From a marketing point of view, the strategy was certainly successful. But how do customers feel about the wholesale collection and evaluation of detailed information on their personalities, lifestyles and consumption patterns?
Schwaiger: Basically, firms are trying to minimize the losses incurred by broad-based advertising, much of which is currently wasted: I can either send advertising to everyone or I can try to reduce the size of the recipient population by applying appropriate filters, so as to generate a list of addressees who are more likely to respond. This is perfectly obvious on the internet. You visit a New York hotel’s website today, and when you look up the weather forecast tomorrow, you find ads for hotels in New York listed in the margin.

Niemann: Or suggestions that you never even considered might be of interest to you.

Just like on Amazon, where I can see what other people are reading?
Schwaiger: When you go online today, you are automatically shown what other articles were purchased by customers who bought the same item as you bought last time. It would be equally possible to advertise on social networks things one’s friends have purchased. This could be the next stage in E-commerce: consumption that is socially displayed on the internet. That is much more persuasive than knowing what is being bought by people one otherwise knows nothing about.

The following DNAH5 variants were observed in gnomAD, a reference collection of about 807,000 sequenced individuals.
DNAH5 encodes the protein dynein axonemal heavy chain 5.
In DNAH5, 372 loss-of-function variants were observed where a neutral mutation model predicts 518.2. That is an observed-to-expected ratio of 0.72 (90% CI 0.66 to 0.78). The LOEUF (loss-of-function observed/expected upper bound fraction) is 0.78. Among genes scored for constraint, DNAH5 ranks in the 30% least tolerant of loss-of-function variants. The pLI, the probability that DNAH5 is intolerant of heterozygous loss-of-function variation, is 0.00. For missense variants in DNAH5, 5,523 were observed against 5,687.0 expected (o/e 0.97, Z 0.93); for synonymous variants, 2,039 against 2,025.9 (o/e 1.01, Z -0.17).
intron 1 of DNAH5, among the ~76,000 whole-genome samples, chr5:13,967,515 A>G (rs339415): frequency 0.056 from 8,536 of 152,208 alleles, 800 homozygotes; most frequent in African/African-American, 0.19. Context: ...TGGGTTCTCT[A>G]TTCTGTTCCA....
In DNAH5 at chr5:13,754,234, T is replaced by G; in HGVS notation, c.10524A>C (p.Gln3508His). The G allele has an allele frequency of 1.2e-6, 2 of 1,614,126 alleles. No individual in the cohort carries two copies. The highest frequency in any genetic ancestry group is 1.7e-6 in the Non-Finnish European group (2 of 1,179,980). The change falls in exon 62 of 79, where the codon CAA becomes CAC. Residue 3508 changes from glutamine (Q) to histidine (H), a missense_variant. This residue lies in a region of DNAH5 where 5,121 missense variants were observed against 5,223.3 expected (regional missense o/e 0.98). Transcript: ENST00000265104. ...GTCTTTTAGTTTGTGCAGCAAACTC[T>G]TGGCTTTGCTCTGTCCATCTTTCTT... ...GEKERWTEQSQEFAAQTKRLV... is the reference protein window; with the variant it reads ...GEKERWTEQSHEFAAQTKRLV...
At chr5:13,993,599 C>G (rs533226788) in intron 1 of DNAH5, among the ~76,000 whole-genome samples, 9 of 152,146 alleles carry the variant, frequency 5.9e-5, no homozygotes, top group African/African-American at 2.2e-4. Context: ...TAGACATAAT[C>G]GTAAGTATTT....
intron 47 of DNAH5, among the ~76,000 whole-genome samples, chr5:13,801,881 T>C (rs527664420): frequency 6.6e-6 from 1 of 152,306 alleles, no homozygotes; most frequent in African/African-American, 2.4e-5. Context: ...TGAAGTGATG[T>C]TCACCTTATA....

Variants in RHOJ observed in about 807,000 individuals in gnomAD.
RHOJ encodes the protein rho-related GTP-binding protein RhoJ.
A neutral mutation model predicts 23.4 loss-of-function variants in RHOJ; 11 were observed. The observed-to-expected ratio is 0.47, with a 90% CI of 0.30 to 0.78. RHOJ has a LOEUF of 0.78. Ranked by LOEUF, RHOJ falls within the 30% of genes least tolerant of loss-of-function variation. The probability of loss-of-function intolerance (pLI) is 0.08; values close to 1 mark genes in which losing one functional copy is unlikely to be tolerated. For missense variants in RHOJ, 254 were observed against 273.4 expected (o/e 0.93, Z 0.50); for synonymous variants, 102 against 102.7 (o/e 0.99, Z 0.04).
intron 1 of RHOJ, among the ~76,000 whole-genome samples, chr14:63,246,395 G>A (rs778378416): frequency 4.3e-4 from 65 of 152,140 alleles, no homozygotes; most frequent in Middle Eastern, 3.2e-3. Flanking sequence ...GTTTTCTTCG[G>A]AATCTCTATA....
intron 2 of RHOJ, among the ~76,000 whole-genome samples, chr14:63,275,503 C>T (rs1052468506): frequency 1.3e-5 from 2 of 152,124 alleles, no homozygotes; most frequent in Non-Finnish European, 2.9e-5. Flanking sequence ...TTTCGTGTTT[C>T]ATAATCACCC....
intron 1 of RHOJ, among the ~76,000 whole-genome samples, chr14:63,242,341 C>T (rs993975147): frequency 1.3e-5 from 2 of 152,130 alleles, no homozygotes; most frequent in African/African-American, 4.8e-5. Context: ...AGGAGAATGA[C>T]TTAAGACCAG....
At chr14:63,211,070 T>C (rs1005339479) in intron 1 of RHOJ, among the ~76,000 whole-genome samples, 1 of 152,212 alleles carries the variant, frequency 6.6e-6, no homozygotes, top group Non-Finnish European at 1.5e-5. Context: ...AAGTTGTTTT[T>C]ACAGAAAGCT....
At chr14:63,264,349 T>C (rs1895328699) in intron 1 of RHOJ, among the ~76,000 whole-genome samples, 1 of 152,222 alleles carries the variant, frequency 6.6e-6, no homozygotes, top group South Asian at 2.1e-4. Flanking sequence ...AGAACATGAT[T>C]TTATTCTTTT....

Is the era of the thoroughly transparent customer already with us then?
Niemann: The companies that I spoke to in the course of my research assured me that they store data on purchases separately from their customers’ personal data. They are not interested in what detective novels Frau Meyer has read. They just want to know who is interested in crime novels, in order to be able to target their advertising more efficiently.

Based on surveys of young consumers, we know that they value the fact that, for example, Amazon is able to provide them with tailor-made recommendations. When they have nothing else to do, they visit the website and have a look at the books that Amazon suggests might interest them. In the past they might have gone to a local bookshop for tips, but of course no bookseller was in a position to remember the titles of the last 50 books the customer bought, and enjoyed.

So we should just accept that our data are out there and put up with the fact that they are being mined?
Schwaiger: If one pursues the current development to its logical conclusion, we would end up receiving only advertising that was actually of some use to us. That would certainly make our lives much easier. After all, we constantly complain that we are overwhelmed with irrelevant information.

Niemann: A start-up in Berlin has already incorporated this into its business model: The firm asks each customer to answer a set of 20 or so questions related to his or her taste in clothes: Do you like striped trousers? What style of shirt collar do you prefer? When the custom completes the online questionnaire, they send out a number of complete outfits on approval.

And it can never again occur to him that he might like to wear a pair of plain or checkered trousers?